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Old 04-29-2004, 08:00 AM   #1
BurceB7
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Registered: Mar 2004
Distribution: Red Hat
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Question Can you change the order in which services start in Red Hat 9?


Hello

I have a Red Hat 9 box

I need to change the order in which some of the services start.

Namely, I would like IPTABLES to be the last service to start.

The reason for this is that something that is running after IPTABLES starts, is disabling my FTP outbound access?

Is this possible, and if so, how would I go about doing this?

Thanks

Bruce
 
Old 04-29-2004, 08:09 AM   #2
profjohn
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Registered: Mar 2004
Location: Jinhua, People's Republic of China
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This was useful for me, as my pcmcia needed to start before eth0:

Most Linux systems have an '/etc/rc.d/' or '/etc/init.d/' directory which contains all your rc scripts and a directory corresponding to each run level 'rc<runlevel>.d'. Inside each of these directory you will find symbolic links to the scripts in the previous directory. The links are named 'S<number><serviceName> or K<number><serviceName>. All the links which begin with an S are started in alphabetical order when changing up to the runlevel and all the links which begin with a K are stopped in (IIRC) reverse alphabetical order when change down to a lower runlevel. Therefore if you currently have two sym. links '/etc/rc.d/rc3.d/S12network' and '/etc/rc.d/rc3.d/S13pcmcia', then you can make pcmcia start first by renaming the sym. link to 'S11pcmcia'. This method technique is known as 'Sys V Init(ilization)'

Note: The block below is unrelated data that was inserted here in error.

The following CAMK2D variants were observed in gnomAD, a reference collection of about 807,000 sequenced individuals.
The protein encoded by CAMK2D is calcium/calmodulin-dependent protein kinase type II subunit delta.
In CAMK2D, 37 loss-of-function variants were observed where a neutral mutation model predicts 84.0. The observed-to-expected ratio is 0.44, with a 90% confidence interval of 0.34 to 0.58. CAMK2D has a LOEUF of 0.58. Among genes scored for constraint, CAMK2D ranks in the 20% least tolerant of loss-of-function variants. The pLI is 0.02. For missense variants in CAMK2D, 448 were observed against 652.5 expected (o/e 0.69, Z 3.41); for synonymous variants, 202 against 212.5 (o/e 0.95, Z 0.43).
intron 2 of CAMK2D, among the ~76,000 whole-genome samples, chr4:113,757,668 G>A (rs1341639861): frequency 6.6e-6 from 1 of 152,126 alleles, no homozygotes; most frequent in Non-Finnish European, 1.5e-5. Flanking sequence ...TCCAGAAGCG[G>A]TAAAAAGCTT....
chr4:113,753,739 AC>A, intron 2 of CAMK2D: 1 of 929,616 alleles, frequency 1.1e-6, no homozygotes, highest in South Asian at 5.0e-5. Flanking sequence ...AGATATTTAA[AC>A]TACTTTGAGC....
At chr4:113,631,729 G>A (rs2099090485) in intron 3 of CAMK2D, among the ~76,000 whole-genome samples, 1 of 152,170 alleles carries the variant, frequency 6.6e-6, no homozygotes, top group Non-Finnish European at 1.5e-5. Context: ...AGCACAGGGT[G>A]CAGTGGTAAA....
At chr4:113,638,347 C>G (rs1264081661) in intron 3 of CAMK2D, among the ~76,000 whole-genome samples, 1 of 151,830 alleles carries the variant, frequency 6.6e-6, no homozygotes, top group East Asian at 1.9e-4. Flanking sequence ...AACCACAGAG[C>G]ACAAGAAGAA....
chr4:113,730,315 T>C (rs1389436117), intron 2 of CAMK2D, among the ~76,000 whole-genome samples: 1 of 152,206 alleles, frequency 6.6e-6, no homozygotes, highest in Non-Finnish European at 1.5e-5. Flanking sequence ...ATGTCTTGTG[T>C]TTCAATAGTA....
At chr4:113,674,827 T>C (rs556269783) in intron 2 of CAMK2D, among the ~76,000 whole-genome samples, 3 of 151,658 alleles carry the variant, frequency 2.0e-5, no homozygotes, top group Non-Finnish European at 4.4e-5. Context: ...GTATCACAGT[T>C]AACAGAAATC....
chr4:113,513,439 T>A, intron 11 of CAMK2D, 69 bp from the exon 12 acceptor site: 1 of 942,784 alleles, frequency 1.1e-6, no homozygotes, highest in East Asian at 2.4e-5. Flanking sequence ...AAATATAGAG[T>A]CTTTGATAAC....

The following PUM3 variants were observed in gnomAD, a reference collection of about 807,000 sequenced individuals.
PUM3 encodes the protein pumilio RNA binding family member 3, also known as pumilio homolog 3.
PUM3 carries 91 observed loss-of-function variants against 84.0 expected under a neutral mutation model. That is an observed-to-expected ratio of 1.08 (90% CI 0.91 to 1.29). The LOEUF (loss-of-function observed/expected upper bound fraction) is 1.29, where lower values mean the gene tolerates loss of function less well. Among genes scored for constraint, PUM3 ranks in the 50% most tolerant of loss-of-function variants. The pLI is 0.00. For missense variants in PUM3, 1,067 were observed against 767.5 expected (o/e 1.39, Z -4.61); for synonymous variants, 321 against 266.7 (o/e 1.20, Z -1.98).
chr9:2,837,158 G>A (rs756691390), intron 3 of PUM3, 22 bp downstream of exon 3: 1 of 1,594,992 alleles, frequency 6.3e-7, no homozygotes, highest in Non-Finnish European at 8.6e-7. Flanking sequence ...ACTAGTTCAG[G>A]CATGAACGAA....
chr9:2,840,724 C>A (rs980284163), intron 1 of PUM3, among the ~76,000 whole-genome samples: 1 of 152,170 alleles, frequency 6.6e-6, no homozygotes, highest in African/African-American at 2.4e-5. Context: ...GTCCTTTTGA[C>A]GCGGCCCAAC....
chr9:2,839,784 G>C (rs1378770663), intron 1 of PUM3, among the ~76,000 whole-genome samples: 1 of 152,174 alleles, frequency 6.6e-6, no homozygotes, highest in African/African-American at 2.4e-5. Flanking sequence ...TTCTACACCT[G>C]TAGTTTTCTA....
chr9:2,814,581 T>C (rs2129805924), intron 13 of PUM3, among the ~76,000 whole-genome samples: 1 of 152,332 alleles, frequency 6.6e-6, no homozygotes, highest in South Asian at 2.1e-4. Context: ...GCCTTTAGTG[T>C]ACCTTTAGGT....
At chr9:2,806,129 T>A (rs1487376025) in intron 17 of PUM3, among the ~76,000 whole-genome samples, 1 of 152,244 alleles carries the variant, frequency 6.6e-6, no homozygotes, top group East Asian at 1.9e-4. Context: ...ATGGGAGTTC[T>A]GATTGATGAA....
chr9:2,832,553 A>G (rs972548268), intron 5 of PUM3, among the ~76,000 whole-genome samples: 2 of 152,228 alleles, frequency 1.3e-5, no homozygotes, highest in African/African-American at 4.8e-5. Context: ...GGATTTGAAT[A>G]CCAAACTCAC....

BTW some distros have a management layer which takes care of your sym. links. For example SuSE allows you to list what the service dependends on and what it provides, in a comment at the top of rc script. On SuSE, if you change the sym. links manually, without changing the comments at the top of the rc script, then the order can switch back as SuSE maintains itself.

This comes from: http://www.linuxformat.co.uk/modules...4148&forum=1&1

However, it sounds like you need to look at your ip tables and see if ftp is getting disabled there...
 
  


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